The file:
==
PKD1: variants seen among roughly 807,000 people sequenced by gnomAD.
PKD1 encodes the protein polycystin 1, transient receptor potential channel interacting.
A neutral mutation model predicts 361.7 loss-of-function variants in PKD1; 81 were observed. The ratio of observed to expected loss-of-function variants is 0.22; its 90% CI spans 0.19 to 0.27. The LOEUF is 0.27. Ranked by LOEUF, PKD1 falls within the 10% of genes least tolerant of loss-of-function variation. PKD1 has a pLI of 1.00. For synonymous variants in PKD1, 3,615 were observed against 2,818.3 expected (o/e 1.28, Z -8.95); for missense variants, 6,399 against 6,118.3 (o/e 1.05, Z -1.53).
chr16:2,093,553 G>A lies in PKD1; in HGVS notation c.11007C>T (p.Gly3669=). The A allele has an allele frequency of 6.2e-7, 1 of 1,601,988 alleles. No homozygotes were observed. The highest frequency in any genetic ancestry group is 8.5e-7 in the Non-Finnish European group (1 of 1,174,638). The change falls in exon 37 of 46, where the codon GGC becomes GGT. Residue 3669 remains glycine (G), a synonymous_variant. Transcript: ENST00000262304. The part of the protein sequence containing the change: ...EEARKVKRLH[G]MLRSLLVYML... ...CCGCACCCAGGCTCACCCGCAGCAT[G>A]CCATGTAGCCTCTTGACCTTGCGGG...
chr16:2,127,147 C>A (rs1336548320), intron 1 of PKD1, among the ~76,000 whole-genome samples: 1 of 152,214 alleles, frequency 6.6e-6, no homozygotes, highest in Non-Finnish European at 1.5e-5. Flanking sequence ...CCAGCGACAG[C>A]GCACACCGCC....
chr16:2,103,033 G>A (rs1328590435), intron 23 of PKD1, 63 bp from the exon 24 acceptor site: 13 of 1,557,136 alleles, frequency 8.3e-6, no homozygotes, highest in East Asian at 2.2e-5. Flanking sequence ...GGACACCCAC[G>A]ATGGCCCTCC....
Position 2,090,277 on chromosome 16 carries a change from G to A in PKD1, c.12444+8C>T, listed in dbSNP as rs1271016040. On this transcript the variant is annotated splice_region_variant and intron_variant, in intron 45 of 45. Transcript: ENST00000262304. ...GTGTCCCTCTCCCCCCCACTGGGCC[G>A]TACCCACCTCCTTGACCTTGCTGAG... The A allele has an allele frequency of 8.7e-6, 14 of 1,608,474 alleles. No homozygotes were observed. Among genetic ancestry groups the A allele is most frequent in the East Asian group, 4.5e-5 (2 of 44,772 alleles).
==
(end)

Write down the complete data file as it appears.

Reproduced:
PKD1: variants seen among roughly 807,000 people sequenced by gnomAD.
PKD1 encodes the protein polycystin 1, transient receptor potential channel interacting.
A neutral mutation model predicts 361.7 loss-of-function variants in PKD1; 81 were observed. The ratio of observed to expected loss-of-function variants is 0.22; its 90% CI spans 0.19 to 0.27. The LOEUF is 0.27. Ranked by LOEUF, PKD1 falls within the 10% of genes least tolerant of loss-of-function variation. PKD1 has a pLI of 1.00. For synonymous variants in PKD1, 3,615 were observed against 2,818.3 expected (o/e 1.28, Z -8.95); for missense variants, 6,399 against 6,118.3 (o/e 1.05, Z -1.53).
chr16:2,093,553 G>A lies in PKD1; in HGVS notation c.11007C>T (p.Gly3669=). The A allele has an allele frequency of 6.2e-7, 1 of 1,601,988 alleles. No homozygotes were observed. The highest frequency in any genetic ancestry group is 8.5e-7 in the Non-Finnish European group (1 of 1,174,638). The change falls in exon 37 of 46, where the codon GGC becomes GGT. Residue 3669 remains glycine (G), a synonymous_variant. Transcript: ENST00000262304. The part of the protein sequence containing the change: ...EEARKVKRLH[G]MLRSLLVYML... ...CCGCACCCAGGCTCACCCGCAGCAT[G>A]CCATGTAGCCTCTTGACCTTGCGGG...
chr16:2,127,147 C>A (rs1336548320), intron 1 of PKD1, among the ~76,000 whole-genome samples: 1 of 152,214 alleles, frequency 6.6e-6, no homozygotes, highest in Non-Finnish European at 1.5e-5. Flanking sequence ...CCAGCGACAG[C>A]GCACACCGCC....
chr16:2,103,033 G>A (rs1328590435), intron 23 of PKD1, 63 bp from the exon 24 acceptor site: 13 of 1,557,136 alleles, frequency 8.3e-6, no homozygotes, highest in East Asian at 2.2e-5. Flanking sequence ...GGACACCCAC[G>A]ATGGCCCTCC....
Position 2,090,277 on chromosome 16 carries a change from G to A in PKD1, c.12444+8C>T, listed in dbSNP as rs1271016040. On this transcript the variant is annotated splice_region_variant and intron_variant, in intron 45 of 45. Transcript: ENST00000262304. ...GTGTCCCTCTCCCCCCCACTGGGCC[G>A]TACCCACCTCCTTGACCTTGCTGAG... The A allele has an allele frequency of 8.7e-6, 14 of 1,608,474 alleles. No homozygotes were observed. Among genetic ancestry groups the A allele is most frequent in the East Asian group, 4.5e-5 (2 of 44,772 alleles).